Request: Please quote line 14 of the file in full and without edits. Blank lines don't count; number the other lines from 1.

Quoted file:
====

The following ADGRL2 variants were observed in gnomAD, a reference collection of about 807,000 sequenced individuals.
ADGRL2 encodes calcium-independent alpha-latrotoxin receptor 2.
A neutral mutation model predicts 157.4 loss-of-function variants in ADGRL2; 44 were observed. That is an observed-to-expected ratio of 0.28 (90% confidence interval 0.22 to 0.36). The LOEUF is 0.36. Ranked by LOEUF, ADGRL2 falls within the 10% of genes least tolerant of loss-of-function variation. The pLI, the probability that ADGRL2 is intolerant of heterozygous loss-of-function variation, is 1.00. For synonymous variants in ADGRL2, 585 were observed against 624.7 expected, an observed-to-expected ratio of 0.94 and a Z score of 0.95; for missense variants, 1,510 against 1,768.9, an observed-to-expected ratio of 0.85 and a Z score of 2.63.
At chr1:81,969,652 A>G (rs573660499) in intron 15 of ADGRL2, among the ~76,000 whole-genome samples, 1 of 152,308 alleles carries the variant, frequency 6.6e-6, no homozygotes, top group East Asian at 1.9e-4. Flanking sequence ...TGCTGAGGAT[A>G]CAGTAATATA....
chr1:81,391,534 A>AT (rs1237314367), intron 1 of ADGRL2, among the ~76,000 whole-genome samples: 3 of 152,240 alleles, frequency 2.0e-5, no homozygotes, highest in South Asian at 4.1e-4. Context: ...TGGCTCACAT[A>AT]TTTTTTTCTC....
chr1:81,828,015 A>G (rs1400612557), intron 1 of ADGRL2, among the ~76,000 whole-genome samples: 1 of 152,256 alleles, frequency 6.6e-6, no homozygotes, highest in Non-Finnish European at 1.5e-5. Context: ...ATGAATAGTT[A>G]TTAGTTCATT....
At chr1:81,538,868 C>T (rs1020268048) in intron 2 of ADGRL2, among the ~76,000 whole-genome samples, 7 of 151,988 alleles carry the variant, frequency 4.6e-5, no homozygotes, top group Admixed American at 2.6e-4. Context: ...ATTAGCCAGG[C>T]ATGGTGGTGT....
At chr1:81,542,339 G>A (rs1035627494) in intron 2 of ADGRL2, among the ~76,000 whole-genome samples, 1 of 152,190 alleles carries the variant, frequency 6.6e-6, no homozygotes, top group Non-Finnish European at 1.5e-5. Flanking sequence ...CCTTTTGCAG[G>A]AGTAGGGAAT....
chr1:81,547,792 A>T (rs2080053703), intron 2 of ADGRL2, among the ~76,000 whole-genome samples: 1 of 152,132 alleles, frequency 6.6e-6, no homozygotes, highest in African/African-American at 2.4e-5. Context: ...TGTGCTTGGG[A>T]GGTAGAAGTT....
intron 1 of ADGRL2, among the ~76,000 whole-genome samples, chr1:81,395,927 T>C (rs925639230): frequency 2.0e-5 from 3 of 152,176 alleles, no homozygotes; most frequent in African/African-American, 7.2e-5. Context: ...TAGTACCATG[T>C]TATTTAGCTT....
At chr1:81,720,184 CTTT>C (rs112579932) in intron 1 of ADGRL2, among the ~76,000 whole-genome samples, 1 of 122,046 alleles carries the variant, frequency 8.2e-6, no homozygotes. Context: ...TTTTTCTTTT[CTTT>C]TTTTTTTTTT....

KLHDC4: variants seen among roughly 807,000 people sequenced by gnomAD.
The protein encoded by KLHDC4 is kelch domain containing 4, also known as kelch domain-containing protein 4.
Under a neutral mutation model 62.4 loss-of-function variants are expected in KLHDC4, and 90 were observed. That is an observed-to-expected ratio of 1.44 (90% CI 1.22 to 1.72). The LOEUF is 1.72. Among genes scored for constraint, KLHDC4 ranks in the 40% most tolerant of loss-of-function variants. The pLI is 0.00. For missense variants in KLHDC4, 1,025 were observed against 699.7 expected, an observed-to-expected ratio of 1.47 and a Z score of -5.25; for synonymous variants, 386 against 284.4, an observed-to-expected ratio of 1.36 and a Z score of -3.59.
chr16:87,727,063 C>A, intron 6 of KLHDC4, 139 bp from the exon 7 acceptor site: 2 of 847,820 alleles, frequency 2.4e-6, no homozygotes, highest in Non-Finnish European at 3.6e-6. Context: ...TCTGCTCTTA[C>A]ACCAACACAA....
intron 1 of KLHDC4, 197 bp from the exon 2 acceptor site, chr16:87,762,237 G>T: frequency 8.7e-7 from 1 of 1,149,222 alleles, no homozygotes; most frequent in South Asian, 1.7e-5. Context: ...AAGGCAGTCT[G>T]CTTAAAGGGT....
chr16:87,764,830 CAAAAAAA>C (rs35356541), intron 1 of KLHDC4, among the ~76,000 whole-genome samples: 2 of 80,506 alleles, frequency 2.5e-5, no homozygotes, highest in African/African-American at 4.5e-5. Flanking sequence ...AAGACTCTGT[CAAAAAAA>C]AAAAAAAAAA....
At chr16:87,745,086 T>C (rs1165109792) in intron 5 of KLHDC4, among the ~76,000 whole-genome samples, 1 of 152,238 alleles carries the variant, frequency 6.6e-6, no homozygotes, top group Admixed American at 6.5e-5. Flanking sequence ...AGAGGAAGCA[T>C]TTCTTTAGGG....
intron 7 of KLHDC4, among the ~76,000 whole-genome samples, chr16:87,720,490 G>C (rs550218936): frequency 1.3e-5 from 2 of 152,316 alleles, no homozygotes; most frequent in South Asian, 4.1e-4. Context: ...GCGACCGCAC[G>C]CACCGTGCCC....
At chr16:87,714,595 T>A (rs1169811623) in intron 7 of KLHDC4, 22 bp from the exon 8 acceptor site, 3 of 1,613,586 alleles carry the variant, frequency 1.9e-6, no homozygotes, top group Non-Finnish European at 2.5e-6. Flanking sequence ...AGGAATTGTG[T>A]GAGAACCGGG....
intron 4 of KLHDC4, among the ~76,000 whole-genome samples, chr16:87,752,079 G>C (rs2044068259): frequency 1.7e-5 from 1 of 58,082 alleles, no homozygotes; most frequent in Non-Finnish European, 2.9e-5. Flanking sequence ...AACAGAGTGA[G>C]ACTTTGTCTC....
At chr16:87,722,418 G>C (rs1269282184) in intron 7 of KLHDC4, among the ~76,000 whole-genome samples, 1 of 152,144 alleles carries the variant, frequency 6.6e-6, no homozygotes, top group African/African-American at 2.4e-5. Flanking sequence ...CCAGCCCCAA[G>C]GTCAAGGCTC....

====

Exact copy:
Under a neutral mutation model 62.4 loss-of-function variants are expected in KLHDC4, and 90 were observed. That is an observed-to-expected ratio of 1.44 (90% CI 1.22 to 1.72). The LOEUF is 1.72. Among genes scored for constraint, KLHDC4 ranks in the 40% most tolerant of loss-of-function variants. The pLI is 0.00. For missense variants in KLHDC4, 1,025 were observed against 699.7 expected, an observed-to-expected ratio of 1.47 and a Z score of -5.25; for synonymous variants, 386 against 284.4, an observed-to-expected ratio of 1.36 and a Z score of -3.59.